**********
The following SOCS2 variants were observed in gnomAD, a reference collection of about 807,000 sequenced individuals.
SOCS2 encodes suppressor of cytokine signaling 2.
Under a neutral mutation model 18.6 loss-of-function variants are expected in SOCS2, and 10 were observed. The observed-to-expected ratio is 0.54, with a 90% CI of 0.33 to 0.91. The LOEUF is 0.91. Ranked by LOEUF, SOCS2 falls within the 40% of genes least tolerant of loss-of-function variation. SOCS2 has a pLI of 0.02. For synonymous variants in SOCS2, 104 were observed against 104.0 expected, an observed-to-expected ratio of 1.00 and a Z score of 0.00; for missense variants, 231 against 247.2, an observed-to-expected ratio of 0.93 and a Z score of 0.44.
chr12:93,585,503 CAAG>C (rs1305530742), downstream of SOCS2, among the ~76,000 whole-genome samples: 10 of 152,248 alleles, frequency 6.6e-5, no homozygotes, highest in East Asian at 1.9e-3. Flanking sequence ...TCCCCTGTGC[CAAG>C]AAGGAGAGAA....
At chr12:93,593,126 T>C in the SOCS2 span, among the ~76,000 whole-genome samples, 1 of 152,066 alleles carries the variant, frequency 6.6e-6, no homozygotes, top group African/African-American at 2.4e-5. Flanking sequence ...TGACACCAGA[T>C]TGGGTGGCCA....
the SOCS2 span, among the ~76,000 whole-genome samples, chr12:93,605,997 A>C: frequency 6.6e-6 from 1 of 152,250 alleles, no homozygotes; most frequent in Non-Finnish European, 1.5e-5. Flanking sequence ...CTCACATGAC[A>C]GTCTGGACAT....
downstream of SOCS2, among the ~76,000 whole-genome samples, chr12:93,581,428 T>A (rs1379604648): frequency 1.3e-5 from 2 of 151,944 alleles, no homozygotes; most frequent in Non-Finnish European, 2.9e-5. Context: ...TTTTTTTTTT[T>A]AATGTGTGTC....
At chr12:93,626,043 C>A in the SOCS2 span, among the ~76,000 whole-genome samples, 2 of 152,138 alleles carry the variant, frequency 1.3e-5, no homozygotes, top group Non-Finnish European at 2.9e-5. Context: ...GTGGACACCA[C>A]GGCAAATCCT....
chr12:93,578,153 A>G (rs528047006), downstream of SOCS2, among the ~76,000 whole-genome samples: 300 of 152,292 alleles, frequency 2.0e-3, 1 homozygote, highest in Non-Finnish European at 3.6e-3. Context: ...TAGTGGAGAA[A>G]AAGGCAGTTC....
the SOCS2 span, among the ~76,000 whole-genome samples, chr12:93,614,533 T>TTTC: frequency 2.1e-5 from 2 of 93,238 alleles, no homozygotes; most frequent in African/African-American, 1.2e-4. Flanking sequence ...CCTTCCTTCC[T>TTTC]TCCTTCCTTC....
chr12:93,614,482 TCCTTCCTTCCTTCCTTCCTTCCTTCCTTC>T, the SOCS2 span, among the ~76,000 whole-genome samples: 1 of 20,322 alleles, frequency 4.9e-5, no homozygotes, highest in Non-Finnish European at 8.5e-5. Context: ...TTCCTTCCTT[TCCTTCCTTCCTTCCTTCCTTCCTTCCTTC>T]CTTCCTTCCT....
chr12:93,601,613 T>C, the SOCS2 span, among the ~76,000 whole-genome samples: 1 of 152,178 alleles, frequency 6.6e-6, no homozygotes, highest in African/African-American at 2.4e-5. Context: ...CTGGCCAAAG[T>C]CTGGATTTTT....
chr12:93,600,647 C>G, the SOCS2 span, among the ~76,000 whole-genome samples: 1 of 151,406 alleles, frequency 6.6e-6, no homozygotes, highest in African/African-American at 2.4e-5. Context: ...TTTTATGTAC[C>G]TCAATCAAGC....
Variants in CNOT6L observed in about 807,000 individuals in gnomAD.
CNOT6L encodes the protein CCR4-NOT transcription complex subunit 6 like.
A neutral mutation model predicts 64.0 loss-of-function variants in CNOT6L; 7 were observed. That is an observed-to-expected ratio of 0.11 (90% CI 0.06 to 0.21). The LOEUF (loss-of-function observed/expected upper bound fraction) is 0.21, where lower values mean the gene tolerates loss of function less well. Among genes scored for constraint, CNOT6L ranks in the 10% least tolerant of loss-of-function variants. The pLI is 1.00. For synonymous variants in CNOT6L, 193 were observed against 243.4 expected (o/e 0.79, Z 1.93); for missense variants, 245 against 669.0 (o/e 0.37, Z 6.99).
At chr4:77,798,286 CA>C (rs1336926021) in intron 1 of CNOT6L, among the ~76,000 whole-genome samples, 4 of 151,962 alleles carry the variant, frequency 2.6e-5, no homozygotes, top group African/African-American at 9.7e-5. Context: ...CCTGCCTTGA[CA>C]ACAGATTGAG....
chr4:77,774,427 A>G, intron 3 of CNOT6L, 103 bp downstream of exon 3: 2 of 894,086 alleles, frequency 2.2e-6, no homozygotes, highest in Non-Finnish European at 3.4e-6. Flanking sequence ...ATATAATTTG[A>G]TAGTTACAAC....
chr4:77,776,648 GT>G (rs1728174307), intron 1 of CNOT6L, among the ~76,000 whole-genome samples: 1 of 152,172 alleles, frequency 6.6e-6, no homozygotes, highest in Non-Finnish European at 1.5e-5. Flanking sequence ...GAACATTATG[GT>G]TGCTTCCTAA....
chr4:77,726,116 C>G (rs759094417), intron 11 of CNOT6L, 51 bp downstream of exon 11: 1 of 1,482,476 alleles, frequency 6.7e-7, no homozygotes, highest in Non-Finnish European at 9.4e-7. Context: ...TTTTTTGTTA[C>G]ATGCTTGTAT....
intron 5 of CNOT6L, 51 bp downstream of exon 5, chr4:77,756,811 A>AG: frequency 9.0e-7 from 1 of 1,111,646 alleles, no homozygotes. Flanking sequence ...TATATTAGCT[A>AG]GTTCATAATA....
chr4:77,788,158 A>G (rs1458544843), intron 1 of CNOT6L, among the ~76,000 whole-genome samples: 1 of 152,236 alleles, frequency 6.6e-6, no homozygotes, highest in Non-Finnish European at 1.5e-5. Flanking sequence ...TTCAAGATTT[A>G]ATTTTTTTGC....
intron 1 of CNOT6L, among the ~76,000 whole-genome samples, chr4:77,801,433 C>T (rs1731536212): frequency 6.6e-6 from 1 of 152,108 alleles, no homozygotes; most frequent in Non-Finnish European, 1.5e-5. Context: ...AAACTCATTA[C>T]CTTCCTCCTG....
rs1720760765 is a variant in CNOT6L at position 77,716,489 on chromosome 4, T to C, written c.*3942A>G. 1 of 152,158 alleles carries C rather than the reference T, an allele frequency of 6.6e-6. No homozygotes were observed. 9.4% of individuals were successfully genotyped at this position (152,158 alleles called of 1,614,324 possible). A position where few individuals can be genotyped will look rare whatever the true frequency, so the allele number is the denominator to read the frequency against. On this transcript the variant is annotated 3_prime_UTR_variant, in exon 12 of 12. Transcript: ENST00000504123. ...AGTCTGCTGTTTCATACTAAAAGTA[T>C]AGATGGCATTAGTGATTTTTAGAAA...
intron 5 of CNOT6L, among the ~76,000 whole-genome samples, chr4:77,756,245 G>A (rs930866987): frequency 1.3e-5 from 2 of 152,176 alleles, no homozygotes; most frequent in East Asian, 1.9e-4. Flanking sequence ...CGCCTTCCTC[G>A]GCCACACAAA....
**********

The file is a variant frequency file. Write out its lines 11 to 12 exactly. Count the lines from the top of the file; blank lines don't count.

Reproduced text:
chr12:93,614,482 TCCTTCCTTCCTTCCTTCCTTCCTTCCTTC>T, the SOCS2 span, among the ~76,000 whole-genome samples: 1 of 20,322 alleles, frequency 4.9e-5, no homozygotes, highest in Non-Finnish European at 8.5e-5. Context: ...TTCCTTCCTT[TCCTTCCTTCCTTCCTTCCTTCCTTCCTTC>T]CTTCCTTCCT....
chr12:93,601,613 T>C, the SOCS2 span, among the ~76,000 whole-genome samples: 1 of 152,178 alleles, frequency 6.6e-6, no homozygotes, highest in African/African-American at 2.4e-5. Context: ...CTGGCCAAAG[T>C]CTGGATTTTT....